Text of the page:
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How to Sabotage Your Recovery This Holiday Season

holiday picture with sabotage recovery text

My mom died. I need a sedative.

I’m so stressed out. I need a drink.

I finally graduated. I deserve to celebrate and get high.

Some experts say that behind all self-sabotage efforts is a sense of entitlement, the “I deserve this” concept that indicates that people feel they are working too hard in recovery with no perceived reward.

 

Others say that self-sabotage comes from a fear of success. Though they genuinely want to stay sober in theory, they fear what that looks like in practice and make choices that, on some level, they know will put them in the position to relapse.

 

Still others say that the true driving force behind self-sabotage in recovery comes from a lack of internalizing new coping mechanisms as a truly viable option. That is, though you may have gone to rehab and learned about what you have to do in every part of your life to stay healthy and make healthier choices, you may not have ever been able to clearly visualize yourself using those tools successfully, and the idea that use of drugs and alcohol is some kind of a reward or a relief, rather than the destructive and deadly habit it is, may linger.

 

Are you sabotaging your own recovery?

Signs of Sabotage

 

  • Do you try hard to stay on track in recovery, working to fill as many minutes of your week as possible with recovery-related activities, and then suddenly, or slowly, cut things out of your schedule until you are doing little or nothing?
  • Do you know all there is to know about recovery but find that you just can’t make it happen in your own life?
  • Do you choose to surround yourself with people who are having a harder time than you are in recovery, especially those who are new to recovery and/or relapse regularly?
  • Do you worry what your life might look like in sobriety once you are solid in recovery and can begin to remove some of the “tent poles” holding you up (e.g., daily 12-Step meetings, etc.)?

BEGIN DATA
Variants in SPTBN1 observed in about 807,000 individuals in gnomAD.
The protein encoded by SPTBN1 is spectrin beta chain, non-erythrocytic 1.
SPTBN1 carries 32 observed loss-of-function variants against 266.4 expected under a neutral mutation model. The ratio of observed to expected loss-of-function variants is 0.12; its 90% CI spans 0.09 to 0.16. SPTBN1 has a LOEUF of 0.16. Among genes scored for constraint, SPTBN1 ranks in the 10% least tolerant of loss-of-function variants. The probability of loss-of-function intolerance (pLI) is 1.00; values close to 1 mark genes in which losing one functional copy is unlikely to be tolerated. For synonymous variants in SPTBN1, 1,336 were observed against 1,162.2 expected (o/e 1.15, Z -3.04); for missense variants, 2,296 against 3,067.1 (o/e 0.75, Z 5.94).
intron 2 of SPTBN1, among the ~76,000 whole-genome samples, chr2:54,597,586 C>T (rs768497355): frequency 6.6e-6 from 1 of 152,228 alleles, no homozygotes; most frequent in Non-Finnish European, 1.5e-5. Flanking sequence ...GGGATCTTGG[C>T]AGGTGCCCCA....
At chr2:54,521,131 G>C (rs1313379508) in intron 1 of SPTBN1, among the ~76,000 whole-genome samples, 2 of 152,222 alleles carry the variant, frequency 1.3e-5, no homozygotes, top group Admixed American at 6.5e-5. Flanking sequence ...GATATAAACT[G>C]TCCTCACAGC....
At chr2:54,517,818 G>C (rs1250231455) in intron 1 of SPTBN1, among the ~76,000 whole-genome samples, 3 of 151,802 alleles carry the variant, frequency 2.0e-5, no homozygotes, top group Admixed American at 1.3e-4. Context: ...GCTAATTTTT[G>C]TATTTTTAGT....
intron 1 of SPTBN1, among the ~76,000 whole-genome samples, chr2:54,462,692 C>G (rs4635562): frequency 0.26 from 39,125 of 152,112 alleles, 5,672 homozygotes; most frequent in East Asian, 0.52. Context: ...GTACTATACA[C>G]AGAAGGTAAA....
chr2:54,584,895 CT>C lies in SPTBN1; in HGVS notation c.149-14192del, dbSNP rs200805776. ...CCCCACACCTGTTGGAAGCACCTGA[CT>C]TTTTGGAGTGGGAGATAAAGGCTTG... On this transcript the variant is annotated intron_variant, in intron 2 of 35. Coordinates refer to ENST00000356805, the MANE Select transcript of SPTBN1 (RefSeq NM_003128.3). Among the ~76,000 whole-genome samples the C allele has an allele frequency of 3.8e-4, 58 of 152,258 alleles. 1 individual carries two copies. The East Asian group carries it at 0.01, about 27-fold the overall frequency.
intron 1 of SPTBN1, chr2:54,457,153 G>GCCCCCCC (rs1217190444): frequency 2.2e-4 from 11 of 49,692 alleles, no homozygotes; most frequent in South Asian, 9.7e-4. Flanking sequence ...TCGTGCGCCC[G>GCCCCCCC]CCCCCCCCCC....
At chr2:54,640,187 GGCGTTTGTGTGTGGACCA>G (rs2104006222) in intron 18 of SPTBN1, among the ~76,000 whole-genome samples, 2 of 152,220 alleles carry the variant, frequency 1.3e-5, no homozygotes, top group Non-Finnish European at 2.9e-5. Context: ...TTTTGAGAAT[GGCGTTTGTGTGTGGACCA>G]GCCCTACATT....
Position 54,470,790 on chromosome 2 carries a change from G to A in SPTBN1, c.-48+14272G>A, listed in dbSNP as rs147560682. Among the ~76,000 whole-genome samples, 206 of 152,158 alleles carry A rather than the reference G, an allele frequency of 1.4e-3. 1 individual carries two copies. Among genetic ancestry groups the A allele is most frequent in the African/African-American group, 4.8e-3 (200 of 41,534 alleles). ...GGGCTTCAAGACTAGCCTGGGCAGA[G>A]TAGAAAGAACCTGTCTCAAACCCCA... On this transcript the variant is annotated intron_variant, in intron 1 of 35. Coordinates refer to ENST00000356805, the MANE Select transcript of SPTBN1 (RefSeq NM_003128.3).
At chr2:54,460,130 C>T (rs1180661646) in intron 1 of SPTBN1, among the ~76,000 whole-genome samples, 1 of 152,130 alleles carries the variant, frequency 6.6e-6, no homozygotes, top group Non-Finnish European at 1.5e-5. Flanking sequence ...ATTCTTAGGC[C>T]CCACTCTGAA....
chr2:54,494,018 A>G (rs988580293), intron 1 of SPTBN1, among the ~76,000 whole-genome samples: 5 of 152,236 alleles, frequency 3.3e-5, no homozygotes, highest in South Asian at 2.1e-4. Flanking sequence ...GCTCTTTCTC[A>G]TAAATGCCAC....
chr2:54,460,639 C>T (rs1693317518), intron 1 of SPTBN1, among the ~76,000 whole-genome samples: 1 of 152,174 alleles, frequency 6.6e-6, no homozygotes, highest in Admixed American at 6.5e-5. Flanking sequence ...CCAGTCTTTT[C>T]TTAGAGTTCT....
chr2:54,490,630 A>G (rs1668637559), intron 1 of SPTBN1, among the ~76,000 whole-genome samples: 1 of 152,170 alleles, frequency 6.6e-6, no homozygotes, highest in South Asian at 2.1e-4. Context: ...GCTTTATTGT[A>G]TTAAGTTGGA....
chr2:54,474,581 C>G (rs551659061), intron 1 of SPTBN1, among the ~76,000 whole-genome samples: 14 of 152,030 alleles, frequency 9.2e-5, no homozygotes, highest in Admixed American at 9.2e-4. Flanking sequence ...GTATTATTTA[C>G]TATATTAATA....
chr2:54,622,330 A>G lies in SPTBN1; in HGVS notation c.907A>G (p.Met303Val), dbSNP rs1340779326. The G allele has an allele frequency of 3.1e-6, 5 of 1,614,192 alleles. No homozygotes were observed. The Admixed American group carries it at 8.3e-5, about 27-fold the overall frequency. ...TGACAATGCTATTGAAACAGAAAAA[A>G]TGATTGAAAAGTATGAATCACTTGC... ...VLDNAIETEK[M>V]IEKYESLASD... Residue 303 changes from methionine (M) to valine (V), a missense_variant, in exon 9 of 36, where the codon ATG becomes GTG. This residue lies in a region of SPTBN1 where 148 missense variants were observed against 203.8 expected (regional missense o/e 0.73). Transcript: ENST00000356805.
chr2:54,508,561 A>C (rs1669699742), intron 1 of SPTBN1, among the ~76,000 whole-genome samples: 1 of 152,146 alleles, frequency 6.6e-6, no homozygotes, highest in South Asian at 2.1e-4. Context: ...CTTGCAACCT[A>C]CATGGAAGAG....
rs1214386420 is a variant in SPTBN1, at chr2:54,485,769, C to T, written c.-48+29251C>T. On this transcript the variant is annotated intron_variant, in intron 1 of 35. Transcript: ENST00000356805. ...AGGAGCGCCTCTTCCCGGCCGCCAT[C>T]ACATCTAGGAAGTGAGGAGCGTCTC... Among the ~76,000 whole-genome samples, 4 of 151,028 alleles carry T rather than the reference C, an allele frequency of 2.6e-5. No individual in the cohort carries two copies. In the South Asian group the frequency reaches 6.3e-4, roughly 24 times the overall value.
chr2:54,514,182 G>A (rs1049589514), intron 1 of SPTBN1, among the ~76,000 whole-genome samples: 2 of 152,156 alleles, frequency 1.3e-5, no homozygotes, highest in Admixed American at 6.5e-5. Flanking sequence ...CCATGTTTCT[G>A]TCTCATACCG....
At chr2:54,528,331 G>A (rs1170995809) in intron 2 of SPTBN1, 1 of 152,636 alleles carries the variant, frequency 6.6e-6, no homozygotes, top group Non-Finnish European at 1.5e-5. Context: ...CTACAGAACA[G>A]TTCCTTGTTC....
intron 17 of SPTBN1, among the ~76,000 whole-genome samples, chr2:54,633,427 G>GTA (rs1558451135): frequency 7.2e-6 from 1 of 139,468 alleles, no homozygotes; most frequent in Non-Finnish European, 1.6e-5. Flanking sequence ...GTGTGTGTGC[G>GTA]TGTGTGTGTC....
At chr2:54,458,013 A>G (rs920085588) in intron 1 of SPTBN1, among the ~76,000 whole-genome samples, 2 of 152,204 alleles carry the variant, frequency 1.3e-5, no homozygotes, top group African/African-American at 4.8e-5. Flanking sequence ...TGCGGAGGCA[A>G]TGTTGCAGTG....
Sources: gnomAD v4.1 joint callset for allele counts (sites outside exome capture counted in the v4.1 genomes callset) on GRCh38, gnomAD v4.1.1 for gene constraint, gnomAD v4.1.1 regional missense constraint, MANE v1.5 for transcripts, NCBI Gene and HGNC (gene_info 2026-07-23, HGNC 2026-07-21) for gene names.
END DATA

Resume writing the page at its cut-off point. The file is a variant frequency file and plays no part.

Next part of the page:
Sobriety Is an Achievable Goal

 

The good news is that no matter what the reason for your self-sabotage is, and no matter how complicated the psychology is behind the choices you make in recovery regarding moving closer to or further away from relapse, sobriety is a goal you can turn into a reality.

 

You can start by doing a little prep work so you and your therapist can dig down into what is going on with you and where your focus needs to be as you work through these issues. For example, you can do the following:

 

  • Keep a journal and notice shifts in your perspective toward recovery. If you can look back at how things changed over time, you might notice that those shifts were triggered by stress, difficult relationships, issues with friends, and other external issues.
  • Write out all the reasons why you may be scared of living a sober life for the long-term. Be as specific as possible. If you are nervous about all the responsibilities that come with a sober adult life, scared you won’t be able to handle a healthy relationship with anyone, or feel that recovery is a boring way to live and there is no excitement to be had in sobriety, write it down.
  • Write out all the things you have to gain by staying sober. Consider your health, any legal problems (or legal problems you would avoid), your relationships with friends and family, your happiness, your level of stress, and your finances – everything that is negatively impacted by continued drug and alcohol use that would be positively supported by your continued recovery.
  • Create a list of behavior-specific goals that you think would define a happy life for you in recovery. Who are you in recovery? Who do you want to be? Do you want to be working in the tech industry? Do you want to start your own business? Do you want to be married? Do you want to be single? Do you want to see Spain? Do you want to move back to your hometown? Create goals that will help you to move closer to these ideals and work with your therapist to determine the best path forward to make one – if not all – a reality in your life starting now.

When you are able to forgive yourself for the past, focus on feeling solid in the present, and start to construct a path forward to a life that is far more exciting, rewarding, and peaceful than a life defined by active substance abuse, you will find that the self-sabotaging choices will be fewer and farther between, giving you the opportunity to grow strong enough in recovery to overcome them without relapse.

How will you help yourself to stop self-sabotaging behaviors in recovery?